The key idea is that there are two kinds of code hiding going on at the same time. By enclosing later scripts with advanced functionality in elements with appropriate language attributes (for example, JavaScript1.5), their code is hidden from more primitive browsers because these scripts are simply ignored. At the same time, the more primitive code can be hidden from more advanced browsers by replacing the old definitions with new ones found in later tags.

To illustrate the concept more clearly, suppose we wanted to use some DOM code in the page when the DOM is supported, but also want to degrade gracefully to more primitive non-standard “DHTML” functionality when such support is absent. We might use the following code, which redefines a writePage() function to include advanced functionality, depending upon which version of the language the browser supports:

<<script language="JavaScript">>
<<!--
function writePage() 
{
   // code to output primitive HTML and JavaScript for older browsers
}
//-->>
<</script>>
<<script language="JavaScript1.3">>
<<!—
function writePage() 
{
   // code to output more advanced HTML and JavaScript that utilizes the DOM}
}
// -->>
<</script>>
<<script language="JavaScript">>
<<!--   
// actually write out the page according to which writePage is defined
writePage();  
//-->>
<</script>>

Because more modern browsers will parse the second <<script>>, the original definition of writePage() is hidden. Similarly, the second <<script>> will not be processed by older browsers, because they do not recognize its language attribute.

Note 

While the language attribute is considered non-standard, you can see that it is much more flexible than the standard type attribute and thus the attribute continues to be used widely.

If you keep in mind the guidelines for the language attributes given in Table 23-5, you can use this technique to design surprisingly powerful cascades (as will be demonstrated momentarily).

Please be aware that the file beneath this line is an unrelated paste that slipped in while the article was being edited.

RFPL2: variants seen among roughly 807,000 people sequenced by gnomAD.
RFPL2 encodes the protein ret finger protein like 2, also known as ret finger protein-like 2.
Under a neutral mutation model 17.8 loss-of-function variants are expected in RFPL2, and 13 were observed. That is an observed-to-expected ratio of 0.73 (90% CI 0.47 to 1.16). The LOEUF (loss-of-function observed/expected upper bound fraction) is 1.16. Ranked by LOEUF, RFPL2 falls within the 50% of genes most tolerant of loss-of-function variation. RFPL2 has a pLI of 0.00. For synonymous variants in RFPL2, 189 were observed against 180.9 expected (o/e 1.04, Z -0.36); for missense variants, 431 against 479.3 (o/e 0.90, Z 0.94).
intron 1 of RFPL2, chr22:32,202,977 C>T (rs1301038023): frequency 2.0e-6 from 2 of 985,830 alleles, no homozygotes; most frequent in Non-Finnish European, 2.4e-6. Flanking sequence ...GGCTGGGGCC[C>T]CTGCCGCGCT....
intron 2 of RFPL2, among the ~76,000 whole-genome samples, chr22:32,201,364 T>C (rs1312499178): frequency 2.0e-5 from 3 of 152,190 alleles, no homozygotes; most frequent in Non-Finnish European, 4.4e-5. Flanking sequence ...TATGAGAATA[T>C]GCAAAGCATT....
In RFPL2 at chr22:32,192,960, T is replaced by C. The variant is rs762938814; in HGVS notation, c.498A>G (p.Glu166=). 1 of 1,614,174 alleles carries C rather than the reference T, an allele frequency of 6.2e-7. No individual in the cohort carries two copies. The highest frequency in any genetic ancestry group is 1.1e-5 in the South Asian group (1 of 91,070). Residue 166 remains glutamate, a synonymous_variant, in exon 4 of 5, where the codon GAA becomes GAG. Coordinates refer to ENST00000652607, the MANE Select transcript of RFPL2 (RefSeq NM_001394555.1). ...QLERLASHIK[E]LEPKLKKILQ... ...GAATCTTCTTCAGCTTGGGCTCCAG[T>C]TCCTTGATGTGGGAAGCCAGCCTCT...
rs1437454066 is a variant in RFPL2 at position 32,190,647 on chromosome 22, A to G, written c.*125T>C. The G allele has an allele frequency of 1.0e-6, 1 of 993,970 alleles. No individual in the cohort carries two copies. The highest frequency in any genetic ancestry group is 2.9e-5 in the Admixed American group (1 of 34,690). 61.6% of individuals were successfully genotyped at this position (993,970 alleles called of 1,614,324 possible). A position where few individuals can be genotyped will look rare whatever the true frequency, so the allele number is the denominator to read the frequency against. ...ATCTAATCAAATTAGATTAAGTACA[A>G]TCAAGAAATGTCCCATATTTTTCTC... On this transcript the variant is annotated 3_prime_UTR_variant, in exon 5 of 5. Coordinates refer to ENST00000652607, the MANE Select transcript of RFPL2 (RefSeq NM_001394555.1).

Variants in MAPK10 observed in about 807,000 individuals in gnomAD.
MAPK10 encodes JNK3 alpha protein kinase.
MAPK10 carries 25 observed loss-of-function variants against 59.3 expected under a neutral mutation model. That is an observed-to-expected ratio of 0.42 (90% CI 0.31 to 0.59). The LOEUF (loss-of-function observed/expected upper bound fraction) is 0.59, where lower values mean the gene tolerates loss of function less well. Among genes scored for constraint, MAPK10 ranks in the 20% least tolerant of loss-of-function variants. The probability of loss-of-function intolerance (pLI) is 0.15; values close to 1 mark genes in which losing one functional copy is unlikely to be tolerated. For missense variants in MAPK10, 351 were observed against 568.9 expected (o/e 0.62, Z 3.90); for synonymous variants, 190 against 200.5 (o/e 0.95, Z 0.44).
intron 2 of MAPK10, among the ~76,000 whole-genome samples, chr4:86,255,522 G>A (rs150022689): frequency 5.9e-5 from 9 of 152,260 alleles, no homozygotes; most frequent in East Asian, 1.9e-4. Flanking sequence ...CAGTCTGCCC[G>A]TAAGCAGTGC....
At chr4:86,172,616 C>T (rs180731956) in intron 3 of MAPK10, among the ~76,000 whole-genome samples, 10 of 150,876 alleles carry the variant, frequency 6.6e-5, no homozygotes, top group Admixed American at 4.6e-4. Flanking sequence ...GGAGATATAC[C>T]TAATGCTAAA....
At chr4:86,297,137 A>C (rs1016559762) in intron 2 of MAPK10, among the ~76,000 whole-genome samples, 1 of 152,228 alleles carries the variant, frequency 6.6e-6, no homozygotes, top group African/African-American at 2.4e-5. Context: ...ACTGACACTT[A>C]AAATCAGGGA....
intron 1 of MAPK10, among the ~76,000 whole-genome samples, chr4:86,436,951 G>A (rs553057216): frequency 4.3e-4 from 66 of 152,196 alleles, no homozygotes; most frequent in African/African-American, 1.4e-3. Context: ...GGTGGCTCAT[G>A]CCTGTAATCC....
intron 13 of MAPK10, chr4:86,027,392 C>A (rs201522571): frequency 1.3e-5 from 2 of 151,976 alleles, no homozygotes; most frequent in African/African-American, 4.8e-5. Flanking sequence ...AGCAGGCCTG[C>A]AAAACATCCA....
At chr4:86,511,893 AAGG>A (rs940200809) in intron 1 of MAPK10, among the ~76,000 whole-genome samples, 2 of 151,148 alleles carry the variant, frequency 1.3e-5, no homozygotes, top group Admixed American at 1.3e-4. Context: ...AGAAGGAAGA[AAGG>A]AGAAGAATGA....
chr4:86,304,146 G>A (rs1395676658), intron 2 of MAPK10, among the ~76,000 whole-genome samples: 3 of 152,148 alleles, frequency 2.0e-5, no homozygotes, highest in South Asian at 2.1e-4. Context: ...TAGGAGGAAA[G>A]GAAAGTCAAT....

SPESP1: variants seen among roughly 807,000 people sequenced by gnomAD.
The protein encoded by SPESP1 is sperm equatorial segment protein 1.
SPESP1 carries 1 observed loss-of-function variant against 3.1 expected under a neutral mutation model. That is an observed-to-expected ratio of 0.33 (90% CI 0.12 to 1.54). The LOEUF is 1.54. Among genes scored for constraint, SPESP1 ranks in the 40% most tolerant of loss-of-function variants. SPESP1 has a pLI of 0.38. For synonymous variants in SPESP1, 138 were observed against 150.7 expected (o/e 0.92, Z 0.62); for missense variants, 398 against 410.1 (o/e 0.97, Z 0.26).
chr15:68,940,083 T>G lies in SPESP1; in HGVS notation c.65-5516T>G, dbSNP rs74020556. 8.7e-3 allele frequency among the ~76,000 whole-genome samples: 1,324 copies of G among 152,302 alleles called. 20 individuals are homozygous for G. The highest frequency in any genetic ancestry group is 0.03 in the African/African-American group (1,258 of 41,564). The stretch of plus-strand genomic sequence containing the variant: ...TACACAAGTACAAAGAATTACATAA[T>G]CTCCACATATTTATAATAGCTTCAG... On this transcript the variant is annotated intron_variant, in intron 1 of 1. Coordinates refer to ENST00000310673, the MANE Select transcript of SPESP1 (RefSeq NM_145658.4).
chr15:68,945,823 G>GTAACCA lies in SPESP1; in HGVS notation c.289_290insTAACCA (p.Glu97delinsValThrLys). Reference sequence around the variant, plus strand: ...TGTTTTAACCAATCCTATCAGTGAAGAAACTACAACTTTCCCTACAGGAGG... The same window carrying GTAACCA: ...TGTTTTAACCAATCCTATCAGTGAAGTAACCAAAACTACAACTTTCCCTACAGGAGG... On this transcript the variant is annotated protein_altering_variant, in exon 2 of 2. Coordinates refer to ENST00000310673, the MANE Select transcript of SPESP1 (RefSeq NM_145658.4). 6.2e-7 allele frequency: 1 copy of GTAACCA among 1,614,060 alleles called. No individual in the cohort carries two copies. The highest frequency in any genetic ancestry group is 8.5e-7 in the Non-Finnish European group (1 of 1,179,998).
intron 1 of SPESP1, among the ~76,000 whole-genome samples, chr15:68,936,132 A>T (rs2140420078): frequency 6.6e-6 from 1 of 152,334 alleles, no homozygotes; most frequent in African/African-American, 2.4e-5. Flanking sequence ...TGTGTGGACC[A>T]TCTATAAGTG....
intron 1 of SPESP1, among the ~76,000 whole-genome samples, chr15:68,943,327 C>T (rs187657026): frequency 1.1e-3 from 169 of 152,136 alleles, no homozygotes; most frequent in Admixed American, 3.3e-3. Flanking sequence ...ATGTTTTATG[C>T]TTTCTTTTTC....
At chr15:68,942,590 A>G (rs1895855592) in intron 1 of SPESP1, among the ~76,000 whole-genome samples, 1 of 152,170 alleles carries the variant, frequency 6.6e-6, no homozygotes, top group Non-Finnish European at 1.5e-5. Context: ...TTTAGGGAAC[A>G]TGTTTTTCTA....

Table 23-5: The language Attributes Recognized by Major Browsers

language Attribute

Supported By

JScript

All scriptable versions of Internet Explorer and Opera 5+

JavaScript

All scriptable versions of Internet Explorer, Opera, and Netscape

JavaScript1.1

Internet Explorer 4+, Opera 3+, Mozilla, and Netscape 3+

JavaScript1.2

Internet Explorer 4+, Opera 3+, Mozilla, and Netscape 4+

JavaScript1.3

Internet Explorer 5+, Opera 4+, Mozilla, and Netscape 4.06+

JavaScript1.5

Opera 5+, Mozilla, and Netscape 6+

Note 

Opera 3 parses any <<script>> with its language attribute beginning with “JavaScript.”

To glimpse the power that the language attribute affords us, suppose that you wanted to include separate code for ancient browsers, Netscape 4, Mozilla, and Internet Explorer 4+. You could do so with the following:

<<script language="JScript">>
<<!--
// set a flag so we can differentiate between Netscape and IE later on

var isIE = true;      
//-->>
<</script>>
<<script language="JavaScript">>
<<!--
function myFunction() 
{
   // code to do something for ancient browsers
}
//-->>
<</script>>
<<script language="JavaScript1.2">>
<<!--
if (window.isIE) 
{
   function myFunction() 
   {
      // code to do something specific for Internet Explorer 4+
   }
} 
else
{
  function myFunction()
   {
      // code to do something specific for Netscape 4 
   }
}
//-->>
<</script>>
<<script language="JavaScript1.5">>
<<!--
function myFunction()
{
   // code to do something specific for Mozilla and Opera 5+ 
}
//-->>
<</script>>
<<noscript>>
  <<strong>>Error:<</strong>>JavaScript not supported
<</noscript>>

We’ve managed to define a cross-browser function, myFunction(), for four different browsers using only the language attribute and a little ingenuity! Combined with some simple browser detection, this technique can be very powerful indeed.

Note 

Always remember the language attribute is deprecated under HTML 4, so don’t expect your pages to validate as strict HTML 4 or XHTML when using this trick. The upside is that all modern browsers continue to support the attribute even though it is no longer officially a part of the language.

Remember that it is always good style to include <<noscript>>s for older browsers or browsers in which JavaScript has been disabled. We provided a very basic example of <<noscript>> here, but if we followed very defensive programming styles, each piece of code in this book should properly have been followed by a <<noscript>> indicating that JavaScript is required or giving alternative functionality for the page, or indicating that a significant error has occurred. We omitted such <<noscript>>s in most cases for the sake of brevity and clarity, but we would always include them in a document that was live on the Web. See Chapter 1 for a quick <<noscript>> refresher. We now turn our attention toward general practices that are considered good coding style.


Team LiB